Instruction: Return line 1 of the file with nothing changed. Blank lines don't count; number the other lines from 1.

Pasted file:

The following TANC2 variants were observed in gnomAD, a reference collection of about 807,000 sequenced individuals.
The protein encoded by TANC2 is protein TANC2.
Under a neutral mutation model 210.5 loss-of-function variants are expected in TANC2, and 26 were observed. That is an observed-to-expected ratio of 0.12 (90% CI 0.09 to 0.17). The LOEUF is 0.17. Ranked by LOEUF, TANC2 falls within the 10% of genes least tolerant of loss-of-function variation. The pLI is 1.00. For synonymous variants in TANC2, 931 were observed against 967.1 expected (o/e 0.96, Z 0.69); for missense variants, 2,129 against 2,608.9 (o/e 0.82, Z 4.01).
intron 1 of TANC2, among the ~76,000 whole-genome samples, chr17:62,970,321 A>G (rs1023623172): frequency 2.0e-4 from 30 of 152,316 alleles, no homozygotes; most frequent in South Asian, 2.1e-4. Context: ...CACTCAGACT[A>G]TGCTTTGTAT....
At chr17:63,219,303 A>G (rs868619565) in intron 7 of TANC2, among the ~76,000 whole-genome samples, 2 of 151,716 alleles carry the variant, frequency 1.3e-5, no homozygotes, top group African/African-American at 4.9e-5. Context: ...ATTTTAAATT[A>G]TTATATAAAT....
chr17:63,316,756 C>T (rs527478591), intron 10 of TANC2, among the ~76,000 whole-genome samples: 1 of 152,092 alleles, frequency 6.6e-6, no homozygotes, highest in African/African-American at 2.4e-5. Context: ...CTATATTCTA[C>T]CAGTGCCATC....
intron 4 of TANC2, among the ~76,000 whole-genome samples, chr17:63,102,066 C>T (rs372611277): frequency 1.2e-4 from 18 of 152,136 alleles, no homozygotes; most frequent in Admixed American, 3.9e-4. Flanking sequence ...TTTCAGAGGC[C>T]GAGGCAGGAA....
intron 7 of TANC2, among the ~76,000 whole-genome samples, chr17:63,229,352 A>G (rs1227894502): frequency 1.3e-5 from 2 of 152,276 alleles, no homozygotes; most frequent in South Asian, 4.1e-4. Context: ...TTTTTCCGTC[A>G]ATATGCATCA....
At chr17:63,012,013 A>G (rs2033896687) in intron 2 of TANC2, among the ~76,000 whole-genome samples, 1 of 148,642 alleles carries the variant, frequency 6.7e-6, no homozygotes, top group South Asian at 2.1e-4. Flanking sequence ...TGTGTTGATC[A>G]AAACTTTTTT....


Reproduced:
The following TANC2 variants were observed in gnomAD, a reference collection of about 807,000 sequenced individuals.